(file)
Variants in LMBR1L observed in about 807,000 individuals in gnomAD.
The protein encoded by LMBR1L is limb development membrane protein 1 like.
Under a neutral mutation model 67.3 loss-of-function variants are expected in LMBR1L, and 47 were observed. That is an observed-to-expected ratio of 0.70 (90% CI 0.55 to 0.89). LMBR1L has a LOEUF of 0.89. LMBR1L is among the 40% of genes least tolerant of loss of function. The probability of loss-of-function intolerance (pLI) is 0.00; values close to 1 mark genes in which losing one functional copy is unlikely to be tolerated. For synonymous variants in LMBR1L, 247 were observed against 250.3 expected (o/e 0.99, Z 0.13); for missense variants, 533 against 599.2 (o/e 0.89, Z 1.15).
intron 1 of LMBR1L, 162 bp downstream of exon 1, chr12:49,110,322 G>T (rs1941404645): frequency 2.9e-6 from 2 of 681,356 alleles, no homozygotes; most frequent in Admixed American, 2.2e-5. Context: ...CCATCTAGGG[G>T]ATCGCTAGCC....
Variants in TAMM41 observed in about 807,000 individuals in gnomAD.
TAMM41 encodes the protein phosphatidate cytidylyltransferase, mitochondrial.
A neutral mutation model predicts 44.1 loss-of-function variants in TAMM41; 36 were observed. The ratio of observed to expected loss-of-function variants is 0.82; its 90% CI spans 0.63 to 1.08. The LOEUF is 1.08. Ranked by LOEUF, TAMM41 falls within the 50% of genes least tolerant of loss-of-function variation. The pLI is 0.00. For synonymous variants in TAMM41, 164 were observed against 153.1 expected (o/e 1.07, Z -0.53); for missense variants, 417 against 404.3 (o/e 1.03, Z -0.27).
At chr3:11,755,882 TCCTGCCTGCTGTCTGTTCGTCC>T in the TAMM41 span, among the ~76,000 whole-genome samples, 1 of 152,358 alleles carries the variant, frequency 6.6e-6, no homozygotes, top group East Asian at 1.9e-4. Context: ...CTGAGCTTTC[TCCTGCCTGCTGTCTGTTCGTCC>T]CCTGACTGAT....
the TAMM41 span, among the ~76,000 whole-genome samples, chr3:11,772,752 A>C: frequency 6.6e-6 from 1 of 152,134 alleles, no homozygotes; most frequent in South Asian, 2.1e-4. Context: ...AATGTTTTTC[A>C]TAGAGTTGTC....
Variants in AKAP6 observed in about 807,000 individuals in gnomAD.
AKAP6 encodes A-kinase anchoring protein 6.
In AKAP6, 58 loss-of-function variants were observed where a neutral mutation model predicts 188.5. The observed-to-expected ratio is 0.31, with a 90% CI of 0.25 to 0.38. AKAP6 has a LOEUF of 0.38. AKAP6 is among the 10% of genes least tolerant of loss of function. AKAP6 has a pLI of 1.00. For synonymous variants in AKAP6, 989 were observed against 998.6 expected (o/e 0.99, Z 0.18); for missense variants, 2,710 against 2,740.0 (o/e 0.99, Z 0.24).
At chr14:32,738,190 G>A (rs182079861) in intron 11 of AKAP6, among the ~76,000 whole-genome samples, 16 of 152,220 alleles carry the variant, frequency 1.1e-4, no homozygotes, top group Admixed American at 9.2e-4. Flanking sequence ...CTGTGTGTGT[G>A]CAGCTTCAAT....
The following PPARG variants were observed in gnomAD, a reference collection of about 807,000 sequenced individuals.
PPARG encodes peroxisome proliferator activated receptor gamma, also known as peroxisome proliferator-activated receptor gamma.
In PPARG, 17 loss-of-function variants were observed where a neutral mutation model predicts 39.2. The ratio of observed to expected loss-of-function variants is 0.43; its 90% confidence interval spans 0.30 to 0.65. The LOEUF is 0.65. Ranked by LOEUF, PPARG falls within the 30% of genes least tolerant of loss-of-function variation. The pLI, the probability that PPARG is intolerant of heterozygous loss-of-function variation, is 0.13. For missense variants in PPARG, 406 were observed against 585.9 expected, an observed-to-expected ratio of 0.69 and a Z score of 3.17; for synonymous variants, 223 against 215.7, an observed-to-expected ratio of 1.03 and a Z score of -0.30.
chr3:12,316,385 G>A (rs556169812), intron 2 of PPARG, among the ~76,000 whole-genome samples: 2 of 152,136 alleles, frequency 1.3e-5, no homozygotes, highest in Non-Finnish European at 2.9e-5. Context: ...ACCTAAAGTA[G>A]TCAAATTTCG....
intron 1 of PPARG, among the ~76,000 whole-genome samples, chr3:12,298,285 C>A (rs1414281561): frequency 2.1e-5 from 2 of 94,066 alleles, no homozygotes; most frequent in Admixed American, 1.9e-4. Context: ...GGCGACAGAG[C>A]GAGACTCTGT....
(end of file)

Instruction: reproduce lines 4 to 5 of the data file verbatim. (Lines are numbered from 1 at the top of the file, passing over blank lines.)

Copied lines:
intron 1 of LMBR1L, 162 bp downstream of exon 1, chr12:49,110,322 G>T (rs1941404645): frequency 2.9e-6 from 2 of 681,356 alleles, no homozygotes; most frequent in Admixed American, 2.2e-5. Context: ...CCATCTAGGG[G>T]ATCGCTAGCC....
Variants in TAMM41 observed in about 807,000 individuals in gnomAD.